by Samantha L. Johnson – MMAWeekly.com

Gerald Harris has created an
unlikely, but highly entertaining, story for himself. After being cast on “The Ultimate Fighter Season 7,” Harris
beat Mike Madallo to get onto the show; however, he lost
to the eventual winner, Amir Sadollah. With a loss on the show, Harris was cut
from the UFC. He then went on to rack up six consecutive wins in an effort to
get back to the Octagon.


Harris was then made famous due
to his last-ditch attempt at gaining Dana White and the UFC’s attention. While
White was a guest on MMA Junkie Radio, Harris called in as a guest and pleaded
his case to the boss man. Taking into consideration Harris’ recent accolades,
White had a new contract for Harris drawn up for “The Hurricane.”


Now 2-0, both via TKO in the UFC,
Harris next faces Dave Branch, an undefeated Renzo
Gracie black belt.  Most of
Branch’s fights have been on smaller, regional shows.


“We ain’t
got no video, we ain’t got nothing,” said Harris. “I
just know he’s a Renzo guy, so I know what to expect. He can have a Renzo white
belt and he could hit you with a flying triangle. I’ve got a lot of respect for
that camp.”


With so much respect for the
Renzo Gracie camp, Harris knows he has to be weary of Branch’s ground game and
be cautious. However, while Harris may not be a Gracie black belt, he can hold
his own on the ground; six of his 15 wins are via submission.


The only video of Branch online
is a post-fight interview of his April 22 fight for Bellator. There are no training or fight videos from which Harris could get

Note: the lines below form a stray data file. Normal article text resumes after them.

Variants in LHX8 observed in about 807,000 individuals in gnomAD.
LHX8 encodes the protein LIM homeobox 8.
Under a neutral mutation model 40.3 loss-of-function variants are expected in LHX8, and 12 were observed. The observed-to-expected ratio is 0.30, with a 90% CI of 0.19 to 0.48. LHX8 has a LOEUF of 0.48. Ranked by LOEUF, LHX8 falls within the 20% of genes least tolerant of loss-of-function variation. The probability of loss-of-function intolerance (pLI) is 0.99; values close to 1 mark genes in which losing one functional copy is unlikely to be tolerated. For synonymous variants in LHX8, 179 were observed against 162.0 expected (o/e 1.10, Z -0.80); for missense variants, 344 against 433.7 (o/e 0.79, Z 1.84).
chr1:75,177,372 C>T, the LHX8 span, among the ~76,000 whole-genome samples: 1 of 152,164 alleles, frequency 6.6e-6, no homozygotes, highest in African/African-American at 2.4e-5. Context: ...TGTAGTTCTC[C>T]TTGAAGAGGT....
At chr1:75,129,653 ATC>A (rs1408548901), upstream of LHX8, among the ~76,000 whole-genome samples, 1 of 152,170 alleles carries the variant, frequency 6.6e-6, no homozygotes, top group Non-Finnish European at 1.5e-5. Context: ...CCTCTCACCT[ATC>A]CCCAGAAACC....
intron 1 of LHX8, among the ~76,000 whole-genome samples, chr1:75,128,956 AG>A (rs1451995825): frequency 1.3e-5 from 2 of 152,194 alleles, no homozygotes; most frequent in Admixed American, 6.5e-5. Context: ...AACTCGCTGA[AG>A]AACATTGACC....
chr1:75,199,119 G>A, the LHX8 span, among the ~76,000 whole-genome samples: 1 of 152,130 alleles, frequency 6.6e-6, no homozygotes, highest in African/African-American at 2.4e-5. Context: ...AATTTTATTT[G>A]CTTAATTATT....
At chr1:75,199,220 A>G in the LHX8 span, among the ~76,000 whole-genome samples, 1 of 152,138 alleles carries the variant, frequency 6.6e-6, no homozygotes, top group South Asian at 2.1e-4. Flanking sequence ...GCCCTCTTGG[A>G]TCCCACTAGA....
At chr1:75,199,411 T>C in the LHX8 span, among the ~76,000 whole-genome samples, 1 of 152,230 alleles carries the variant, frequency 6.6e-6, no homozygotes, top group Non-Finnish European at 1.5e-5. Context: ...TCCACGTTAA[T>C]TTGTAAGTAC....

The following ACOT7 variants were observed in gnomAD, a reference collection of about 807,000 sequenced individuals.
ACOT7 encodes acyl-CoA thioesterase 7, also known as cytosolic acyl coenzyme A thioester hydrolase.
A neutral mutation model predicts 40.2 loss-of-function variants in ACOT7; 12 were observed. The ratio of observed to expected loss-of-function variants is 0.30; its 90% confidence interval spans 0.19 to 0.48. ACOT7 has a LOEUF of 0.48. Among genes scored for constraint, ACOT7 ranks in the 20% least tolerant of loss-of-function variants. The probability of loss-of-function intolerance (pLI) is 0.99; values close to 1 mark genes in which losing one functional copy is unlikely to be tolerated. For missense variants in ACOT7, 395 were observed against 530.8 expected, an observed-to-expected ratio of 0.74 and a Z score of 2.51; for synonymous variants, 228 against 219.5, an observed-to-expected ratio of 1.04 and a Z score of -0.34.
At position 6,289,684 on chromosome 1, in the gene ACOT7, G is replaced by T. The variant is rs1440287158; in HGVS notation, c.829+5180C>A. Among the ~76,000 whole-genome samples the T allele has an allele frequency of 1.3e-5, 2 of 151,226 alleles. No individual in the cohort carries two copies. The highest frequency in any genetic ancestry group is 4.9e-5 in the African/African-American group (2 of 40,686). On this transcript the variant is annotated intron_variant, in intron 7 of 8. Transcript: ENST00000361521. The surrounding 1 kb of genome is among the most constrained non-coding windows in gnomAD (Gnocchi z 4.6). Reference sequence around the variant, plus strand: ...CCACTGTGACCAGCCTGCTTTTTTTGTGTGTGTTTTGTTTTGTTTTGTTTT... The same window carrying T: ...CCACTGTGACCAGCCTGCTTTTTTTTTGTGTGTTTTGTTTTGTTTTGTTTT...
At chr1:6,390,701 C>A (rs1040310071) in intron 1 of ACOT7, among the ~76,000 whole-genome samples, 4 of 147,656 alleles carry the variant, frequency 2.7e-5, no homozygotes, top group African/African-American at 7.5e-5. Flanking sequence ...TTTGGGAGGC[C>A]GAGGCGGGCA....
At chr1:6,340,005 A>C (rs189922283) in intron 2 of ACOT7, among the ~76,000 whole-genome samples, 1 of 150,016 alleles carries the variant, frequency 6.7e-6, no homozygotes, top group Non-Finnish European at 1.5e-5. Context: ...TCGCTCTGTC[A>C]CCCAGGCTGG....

a better idea of his opponent’s fighting style or techniques.


“It just reminds me of the old
days,” said Harris. “I was fighting guys with one day notice, 12-hour notice.
So I didn’t know anything back then, so it doesn’t bother me now.”


The 15-2 Harris has recently
joined the ranks at Grudge Training Center in Colorado where he prepared for
this camp. Training with top contenders like Nate Marquardt and Shane Carwin on
a daily basis, Harris constantly has challenging training partners that keep
him atop his game. In an effort to keep himself in
check, Harris never looks to the past to determine the future in his fight


“To me, every fight I’m 0-0,”
explained Harris. “After I fight, at the end of the night, I’m back to 0-0. I
love the past, I love the accomplishments, but I just have to stay focused. I
can rest on my laurels and be happy with what I did, but I’m just trying to do
more, stay hungry.”



L. Johnson is a freelance writer originally from Southeast Idaho, currently
living in Las Vegas, NV. Visit her website
for her ramblings of on living in the MMA Mecca.